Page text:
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Electrical transformers are the giant bottleneck waiting for the AI industry: ‘It’s going to take several years’



But for all the futuristic problems AI promises to solve, there’s a distinctly practical one that’s threatening to hold it back from scaling up en masse. AI data centers rely on specialized electrical transformers—refrigerator-sized units that convert current to a safe voltage—to integrate with the grid, the network of power plants and wires that carry electricity across the country. But those transformers are in extremely short supply right now—so much so that wait times for new units are as high as four years. Demand has also sent prices up some 70% since January 2020. The supply chain pressures and historical trends that have caused the shortage aren’t showing signs of easing.

“Unless we do see considerable investment— both at the commodity level and in manufacturing of transformers—I think the shortage that we’re currently in is only going to continue to get worse,” Benjamin Boucher, energy analyst at consultancy Wood Mackenzie, tells Fortune. “It’s going to take several years to actually get a lot of that [AI] capacity online.”

Years of underinvestment and consolidation in this niche manufacturing sector have caused a transformer bottleneck that’s colliding with a boom in demand from the AI and renewable energy sectors. Analysts’ only hope is that innovation—or maybe even engineering help from AI itself—will yield another way to power data centers without having to wait years for new transformer capacity.

“AI presents what I describe as ‘self-raising bootstraps,’ in that AI will … help with balancing [electrical] loads,” Edward Wilford, a semiconductor analyst at consultancy Omdia, tells Fortune. “With short notice, there’s always going to be a shortage of some kind. So you throw the dice, and you just assume that the industry you’ve built up will be enough to carry you through.”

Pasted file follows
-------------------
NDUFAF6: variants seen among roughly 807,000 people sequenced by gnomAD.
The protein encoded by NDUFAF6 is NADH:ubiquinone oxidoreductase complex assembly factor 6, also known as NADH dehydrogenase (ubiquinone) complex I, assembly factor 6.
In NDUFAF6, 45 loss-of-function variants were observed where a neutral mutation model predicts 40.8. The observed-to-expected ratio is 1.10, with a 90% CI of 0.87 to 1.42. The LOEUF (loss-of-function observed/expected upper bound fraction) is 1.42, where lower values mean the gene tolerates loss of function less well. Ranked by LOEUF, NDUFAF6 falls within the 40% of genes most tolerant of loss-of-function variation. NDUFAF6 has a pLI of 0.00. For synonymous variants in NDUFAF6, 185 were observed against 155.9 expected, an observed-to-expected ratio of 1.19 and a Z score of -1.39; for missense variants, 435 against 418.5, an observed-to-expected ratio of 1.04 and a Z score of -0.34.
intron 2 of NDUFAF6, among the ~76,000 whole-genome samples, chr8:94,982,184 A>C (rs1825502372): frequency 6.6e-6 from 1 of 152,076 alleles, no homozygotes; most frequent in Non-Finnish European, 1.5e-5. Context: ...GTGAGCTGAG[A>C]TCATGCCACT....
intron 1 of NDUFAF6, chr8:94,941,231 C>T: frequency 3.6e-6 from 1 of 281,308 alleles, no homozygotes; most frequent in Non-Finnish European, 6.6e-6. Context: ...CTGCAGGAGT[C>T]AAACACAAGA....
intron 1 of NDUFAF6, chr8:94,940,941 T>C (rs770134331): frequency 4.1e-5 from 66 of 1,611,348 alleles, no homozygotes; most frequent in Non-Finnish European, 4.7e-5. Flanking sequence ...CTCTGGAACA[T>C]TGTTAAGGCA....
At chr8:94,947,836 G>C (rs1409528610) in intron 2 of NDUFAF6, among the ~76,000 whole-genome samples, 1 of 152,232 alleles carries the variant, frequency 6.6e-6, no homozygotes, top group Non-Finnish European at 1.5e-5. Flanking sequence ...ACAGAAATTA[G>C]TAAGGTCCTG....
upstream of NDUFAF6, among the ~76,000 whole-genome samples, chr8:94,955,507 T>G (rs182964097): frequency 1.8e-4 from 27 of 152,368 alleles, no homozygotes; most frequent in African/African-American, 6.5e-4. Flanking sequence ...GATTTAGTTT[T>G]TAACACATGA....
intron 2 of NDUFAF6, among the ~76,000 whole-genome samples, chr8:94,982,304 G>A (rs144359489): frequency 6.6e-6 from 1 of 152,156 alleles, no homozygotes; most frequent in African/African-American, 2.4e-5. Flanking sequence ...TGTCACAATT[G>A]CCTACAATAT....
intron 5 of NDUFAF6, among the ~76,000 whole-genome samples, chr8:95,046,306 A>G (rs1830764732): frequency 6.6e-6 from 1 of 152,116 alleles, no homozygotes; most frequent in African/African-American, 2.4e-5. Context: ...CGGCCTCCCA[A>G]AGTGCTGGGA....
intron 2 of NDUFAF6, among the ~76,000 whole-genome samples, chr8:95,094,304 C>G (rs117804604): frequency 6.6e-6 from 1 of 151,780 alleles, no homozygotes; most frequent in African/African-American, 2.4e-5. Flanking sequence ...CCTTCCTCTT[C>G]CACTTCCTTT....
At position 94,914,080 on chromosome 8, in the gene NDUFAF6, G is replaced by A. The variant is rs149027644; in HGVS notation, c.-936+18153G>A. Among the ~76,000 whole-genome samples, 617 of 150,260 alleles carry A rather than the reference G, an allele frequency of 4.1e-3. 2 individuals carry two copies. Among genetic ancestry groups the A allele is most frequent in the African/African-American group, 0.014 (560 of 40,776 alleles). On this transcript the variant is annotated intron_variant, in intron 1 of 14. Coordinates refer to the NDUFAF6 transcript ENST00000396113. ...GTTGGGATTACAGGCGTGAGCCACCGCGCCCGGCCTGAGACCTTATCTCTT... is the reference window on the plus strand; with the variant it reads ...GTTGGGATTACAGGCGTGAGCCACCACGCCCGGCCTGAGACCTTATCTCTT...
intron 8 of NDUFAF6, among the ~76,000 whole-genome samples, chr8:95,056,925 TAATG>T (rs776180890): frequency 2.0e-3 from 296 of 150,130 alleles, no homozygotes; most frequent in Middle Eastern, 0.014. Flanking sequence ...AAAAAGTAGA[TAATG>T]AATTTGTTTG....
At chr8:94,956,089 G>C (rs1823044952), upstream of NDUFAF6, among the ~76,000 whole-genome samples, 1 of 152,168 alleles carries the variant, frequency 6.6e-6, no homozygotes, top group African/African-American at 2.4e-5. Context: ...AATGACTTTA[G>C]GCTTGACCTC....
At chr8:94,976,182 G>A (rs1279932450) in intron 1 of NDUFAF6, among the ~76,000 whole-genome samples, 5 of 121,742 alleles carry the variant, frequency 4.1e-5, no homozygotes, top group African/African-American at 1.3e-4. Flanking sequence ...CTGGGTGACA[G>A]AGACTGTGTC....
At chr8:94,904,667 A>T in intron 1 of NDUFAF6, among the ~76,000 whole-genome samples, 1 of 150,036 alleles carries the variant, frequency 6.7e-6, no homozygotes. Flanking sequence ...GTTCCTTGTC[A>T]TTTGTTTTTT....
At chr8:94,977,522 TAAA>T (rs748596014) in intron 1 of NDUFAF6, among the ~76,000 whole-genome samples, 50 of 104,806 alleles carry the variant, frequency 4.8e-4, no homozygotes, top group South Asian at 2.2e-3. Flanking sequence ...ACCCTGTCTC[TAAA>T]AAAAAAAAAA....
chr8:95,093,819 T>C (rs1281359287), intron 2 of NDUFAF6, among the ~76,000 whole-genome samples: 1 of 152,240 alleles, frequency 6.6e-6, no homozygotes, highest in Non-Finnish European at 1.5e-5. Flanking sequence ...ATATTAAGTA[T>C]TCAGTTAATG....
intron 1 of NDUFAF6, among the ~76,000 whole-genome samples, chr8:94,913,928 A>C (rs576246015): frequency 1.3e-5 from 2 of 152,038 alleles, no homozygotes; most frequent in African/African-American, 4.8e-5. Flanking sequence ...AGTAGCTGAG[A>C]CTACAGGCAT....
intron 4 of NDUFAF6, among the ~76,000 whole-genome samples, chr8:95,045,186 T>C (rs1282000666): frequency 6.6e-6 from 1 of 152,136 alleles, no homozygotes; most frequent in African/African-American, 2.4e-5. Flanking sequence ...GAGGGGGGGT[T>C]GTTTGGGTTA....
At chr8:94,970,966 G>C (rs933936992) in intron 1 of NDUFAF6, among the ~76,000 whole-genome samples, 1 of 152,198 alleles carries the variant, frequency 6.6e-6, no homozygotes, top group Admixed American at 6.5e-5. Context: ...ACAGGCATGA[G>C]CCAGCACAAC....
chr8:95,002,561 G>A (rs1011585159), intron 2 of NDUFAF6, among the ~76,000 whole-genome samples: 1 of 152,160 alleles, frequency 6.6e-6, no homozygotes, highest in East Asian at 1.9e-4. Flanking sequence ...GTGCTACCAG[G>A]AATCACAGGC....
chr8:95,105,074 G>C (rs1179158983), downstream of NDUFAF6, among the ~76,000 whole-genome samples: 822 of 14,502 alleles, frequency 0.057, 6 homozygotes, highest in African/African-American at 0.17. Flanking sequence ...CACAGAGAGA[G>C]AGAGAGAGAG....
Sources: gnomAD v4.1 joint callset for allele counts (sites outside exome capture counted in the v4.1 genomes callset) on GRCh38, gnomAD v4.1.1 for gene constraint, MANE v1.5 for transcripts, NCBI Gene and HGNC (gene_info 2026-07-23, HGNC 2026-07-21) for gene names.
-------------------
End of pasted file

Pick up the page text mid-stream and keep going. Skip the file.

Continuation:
Clearly, this could have huge ramifications for the stock market, riding at all-time highs after blowout appreciation, especially for the nearly $2 trillion Nvidia. This analyst, however, said that was just far too early to call, while many other analysts and market watchers are feverishly debating whether the market is approaching bubble levels.

What is a transformer, and why is it critical to AI development?

Transformers are essential devices for electrical projects that are connected to the grid. In order to effectively transmit power across hundreds of miles, transformers are needed to “step up” voltage to a higher level on the transmitting end, says Boucher. But that high-voltage current isn’t safe for use in homes, offices or data centers, so “step-down” transformers are installed on the receiving end to bring the voltage back down to usable levels.  These transformers are bulky, expensive units that often look like large chest freezers. They’re irreplaceable for safety reasons: using voltage that’s too high can be deadly or fry expensive electrical components, so most insurance companies and utilities require a full backup set for critical projects.

Since 2020, there’s been a massive surge in demand for both types of transformers. AI startups and data centers desperately need step-down transformers to be able to plug into the grid and access electrical power. And solar and wind farms need step-up transformers to be able to transmit the power they’re generating to consumers. 

“We’ve just seen such a huge boom in demand for transformers recently,” Boucher says. “It’s all become a perfect storm for transformers in the sense that there’s just so much demand right now, and the supply just hasn’t been able to cope with it.”

Transformer supply struggles go way back